3 - 10 days
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Fluorescence in situ hybridization (FISH)
BRAF is as serine-threonine protein kinase involved in the mitogen-activated protein kinase (MAPK) signaling pathway. Constitutively activating mutations and rearrangements involving BRAF have been described in a range of neoplasms. BRAF rearrangements are particularly common in pilocytic astrocytoma, Spitz nevi and Spitzoid melanoma, pancreatic acinar cell carcinoma, papillary thyroid carcinoma and less common in prostate and gastric cancer. The detection of these rearrangements can be useful in the diagnosis of pilocytic astrocytoma since these rearrangements are uncommon in high-grade gliomas and other types of low-grade gliomas including grade II diffuse glioma, ganglioglioma and pleomorphic xanthoastrocytoma. In addition, the potential therapeutic utility of targeted therapies in neoplasms with BRAF rearrangements is currently being investigated in clinical trials. This test detects rearrangements involving BRAF (7q34) using fluorescence in situ hybridization and is expected to detect nearly all BRAF rearrangements. The partner gene for BRAF rearrangements is not identified by this study.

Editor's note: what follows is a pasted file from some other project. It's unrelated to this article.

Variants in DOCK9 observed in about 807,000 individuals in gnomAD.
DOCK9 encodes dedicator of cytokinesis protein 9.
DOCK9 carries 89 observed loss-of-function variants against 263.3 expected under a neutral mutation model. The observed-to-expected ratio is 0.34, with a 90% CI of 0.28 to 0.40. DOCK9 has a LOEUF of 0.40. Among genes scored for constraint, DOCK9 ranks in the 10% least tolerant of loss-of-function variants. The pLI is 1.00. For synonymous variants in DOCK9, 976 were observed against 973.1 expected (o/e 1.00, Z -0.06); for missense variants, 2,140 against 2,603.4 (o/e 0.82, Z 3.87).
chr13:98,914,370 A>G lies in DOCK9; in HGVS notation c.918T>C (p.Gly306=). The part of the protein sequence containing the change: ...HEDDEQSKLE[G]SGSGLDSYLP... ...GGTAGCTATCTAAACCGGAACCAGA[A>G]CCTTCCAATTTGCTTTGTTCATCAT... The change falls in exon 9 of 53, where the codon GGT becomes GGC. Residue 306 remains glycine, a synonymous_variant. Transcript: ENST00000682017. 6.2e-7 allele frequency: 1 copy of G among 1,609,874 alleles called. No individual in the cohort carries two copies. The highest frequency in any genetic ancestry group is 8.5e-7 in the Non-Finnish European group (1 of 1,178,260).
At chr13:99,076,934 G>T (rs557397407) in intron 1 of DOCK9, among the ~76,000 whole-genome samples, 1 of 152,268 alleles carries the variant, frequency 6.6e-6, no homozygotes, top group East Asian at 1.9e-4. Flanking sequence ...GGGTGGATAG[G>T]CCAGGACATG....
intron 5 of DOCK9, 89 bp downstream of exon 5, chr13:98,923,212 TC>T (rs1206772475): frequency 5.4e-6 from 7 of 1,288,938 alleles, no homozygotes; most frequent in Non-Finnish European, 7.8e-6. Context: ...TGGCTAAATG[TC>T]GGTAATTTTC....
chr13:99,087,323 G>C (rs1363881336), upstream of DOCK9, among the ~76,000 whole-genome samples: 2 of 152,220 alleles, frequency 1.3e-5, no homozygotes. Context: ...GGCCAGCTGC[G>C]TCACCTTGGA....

Interpretive report provided.
* Reference ranges may change over time. Please refer to the original patient report when evaluating results.
A formalin-fixed, paraffin-embedded tissue block containing sufficient neoplastic cells is preferred. Unstained slides (3, 4-micron slides) with associated H&E stained slide are also acceptable. Decalcified tissue or other fixatives will be accepted and the assay attempted, however these may result in failed testing due to degraded nucleic acid. Both blocks and slides should be stored at room temperature.